By Neil Hartnell
Tribune Business Editor
The Ministry of Finance is taking the “if it sounds too good to be true, it probably is” approach to low-cost financing and other “no strings attached” offers, the deputy prime minister said yesterday.
K Peter Turnquest, asked by Tribune Business to respond to concerns that the government is not taking advantage of attractive debt financing proposals, said The Bahamas as a sovereign nation cannot afford to act as a “fly-by night” entity in evaluating any proposals that come its way.
He added that the country had to first carry out extensive due diligence to ensure those offering the government financing were credible and operated with integrity, and they have the necessary wherewithal to finance/arrange what they are promoting.
Mr Turnquest said The Bahamas can ill-afford to borrow from institutions that are “not financially sound”, and which would seek to call-in the loan if they ran into difficulties - something that could place this nation in dire fiscal straits.
“We review these offers of financing and debt write-offs, and paying our debt with no strings attached, all the time,” Mr Turnquest said. “The old adage applies: ‘If it’s too good to be true it probably is’.
“As a sovereign nation, we are not a fly-by night small entity that can allow itself to be held at the mercy of any kind of these institutions. We have a very sophisticated debt management unit, staffed by competent professionals, that evaluates each and every offer.”
He spoke out amid suggestions that the Government may be ignoring low interest rate offers to finance its $1.3bn deficit for the 2020-2021 fiscal year. One offer seen by Tribune Business involves the a $750m foreign currency bond, priced at 3.87 percent interest, that is placed “with a major international bank” and funded by the global capital markets.
The offer, which was conveyed to Mr Turnquest on September 3, 2020, and copied to the Ministry of Finance’s acting financial secretary, Marlon Johnson, and ex-Central Bank governor, Wendy Craigg, came from Public Resources International, a US-based debt advisory firm that has worked on restructurings and other matters with governments before.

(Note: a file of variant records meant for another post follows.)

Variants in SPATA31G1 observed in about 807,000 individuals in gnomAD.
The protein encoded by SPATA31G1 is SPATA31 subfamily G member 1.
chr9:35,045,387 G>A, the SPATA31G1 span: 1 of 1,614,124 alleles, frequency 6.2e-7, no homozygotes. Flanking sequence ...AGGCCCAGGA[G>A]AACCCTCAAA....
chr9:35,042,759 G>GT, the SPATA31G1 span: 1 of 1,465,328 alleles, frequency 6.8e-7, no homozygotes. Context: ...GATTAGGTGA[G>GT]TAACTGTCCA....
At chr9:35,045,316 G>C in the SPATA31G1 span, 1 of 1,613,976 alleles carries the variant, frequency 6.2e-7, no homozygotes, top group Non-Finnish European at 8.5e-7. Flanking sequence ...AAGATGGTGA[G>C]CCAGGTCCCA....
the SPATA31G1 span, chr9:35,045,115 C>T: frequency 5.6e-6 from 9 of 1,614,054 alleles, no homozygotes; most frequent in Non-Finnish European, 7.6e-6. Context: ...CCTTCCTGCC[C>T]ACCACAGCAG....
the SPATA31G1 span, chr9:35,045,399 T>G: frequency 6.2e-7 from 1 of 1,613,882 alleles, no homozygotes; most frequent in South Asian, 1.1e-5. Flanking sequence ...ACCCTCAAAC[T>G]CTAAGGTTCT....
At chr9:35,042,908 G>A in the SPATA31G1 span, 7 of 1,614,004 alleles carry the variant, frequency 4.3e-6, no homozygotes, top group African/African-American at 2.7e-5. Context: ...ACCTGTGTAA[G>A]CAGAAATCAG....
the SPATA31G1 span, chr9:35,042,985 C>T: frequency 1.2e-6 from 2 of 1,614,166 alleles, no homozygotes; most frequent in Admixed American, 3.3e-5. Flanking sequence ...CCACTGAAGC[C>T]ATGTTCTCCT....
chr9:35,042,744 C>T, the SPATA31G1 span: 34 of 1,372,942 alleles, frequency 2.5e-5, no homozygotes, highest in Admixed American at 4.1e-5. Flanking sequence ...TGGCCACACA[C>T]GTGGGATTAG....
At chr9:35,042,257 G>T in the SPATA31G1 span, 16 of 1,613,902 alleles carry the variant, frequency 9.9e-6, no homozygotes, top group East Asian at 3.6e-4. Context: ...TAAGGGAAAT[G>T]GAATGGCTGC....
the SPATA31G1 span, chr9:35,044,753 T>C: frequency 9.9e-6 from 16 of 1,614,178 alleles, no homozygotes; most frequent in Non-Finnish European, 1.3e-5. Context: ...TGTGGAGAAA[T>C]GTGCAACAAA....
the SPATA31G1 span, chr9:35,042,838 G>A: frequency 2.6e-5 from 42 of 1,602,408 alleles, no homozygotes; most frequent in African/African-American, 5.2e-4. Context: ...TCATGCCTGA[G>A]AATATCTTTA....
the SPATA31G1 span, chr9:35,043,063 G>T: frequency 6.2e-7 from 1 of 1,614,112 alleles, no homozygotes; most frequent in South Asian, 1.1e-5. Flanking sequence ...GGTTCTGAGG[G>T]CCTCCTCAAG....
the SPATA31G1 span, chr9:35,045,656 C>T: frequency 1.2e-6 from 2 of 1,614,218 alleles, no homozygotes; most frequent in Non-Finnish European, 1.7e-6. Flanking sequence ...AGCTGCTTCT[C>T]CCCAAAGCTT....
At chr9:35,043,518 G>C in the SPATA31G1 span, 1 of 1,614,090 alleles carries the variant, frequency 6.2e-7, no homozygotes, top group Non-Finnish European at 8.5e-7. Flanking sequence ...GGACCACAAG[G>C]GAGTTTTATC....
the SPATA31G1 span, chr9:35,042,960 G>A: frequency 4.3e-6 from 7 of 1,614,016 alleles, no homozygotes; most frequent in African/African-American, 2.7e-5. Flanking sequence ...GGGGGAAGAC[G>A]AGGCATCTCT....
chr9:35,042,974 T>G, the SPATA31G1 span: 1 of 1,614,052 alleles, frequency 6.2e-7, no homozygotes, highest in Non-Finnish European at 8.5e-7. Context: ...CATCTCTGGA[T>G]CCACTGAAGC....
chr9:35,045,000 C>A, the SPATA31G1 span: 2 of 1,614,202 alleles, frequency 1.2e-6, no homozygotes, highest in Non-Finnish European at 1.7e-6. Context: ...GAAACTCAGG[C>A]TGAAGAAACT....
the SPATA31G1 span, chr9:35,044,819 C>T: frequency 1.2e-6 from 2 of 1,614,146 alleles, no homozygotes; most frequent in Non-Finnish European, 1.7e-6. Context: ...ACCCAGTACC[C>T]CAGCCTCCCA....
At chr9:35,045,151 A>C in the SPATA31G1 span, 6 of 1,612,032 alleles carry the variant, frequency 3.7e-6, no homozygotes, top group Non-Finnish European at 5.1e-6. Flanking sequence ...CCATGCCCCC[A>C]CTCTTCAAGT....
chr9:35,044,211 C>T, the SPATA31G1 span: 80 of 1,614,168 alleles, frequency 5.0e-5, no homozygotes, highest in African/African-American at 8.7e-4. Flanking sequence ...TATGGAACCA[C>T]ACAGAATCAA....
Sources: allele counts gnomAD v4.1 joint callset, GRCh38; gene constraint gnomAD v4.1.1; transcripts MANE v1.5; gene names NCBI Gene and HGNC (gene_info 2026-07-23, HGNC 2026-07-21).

“PRI has been engaged by the World Bank/IMF to implement debt settlements for seven countries, including Bolivia and Honduras in Latin America,” the company said of its credentials. “PRI has also carried out important financial assignments for Antigua and Barbuda, Grenada (including funding for a desalination plant through US Export-Import Bank), St Kitts and Nevis, and St Vincent and the Grenadines.”
However, the proposed bond would carry a “floating” rather than fixed interest coupon. Yet PRI argued that this still produced a 3.5 percentage point savings rate for The Bahamas compared to the likely 7.5 percent fixed rate such a bond would attract, thereby cutting the interest bill for Bahamian taxpayers.
It added that The Bahamas would be able to refinance the bond “without penalty” after three years, and said: “There is no floating rate risk for at least three years as the floating rate would have to increase 3.5 percentage points before fixed rate at 7.5 percent [making it] more advantageous than floating rate. No reputable economist considers this to be likely.”
Mr Turnquest confirmed that the PRI offer was one being evaluated by the Ministry of Finance. And Mr Johnson added: “The Government gets any number of offers from people wanting to lend them money. We literally get dozens per year.”
Meanwhile, the fate of the Government’s COVID-19 individual and business assistance initiatives that are due to expire at end-September will depend on the resources left and how many persons go back to work as a result of tourism’s planned re-opening, the deputy prime minister said yesterday.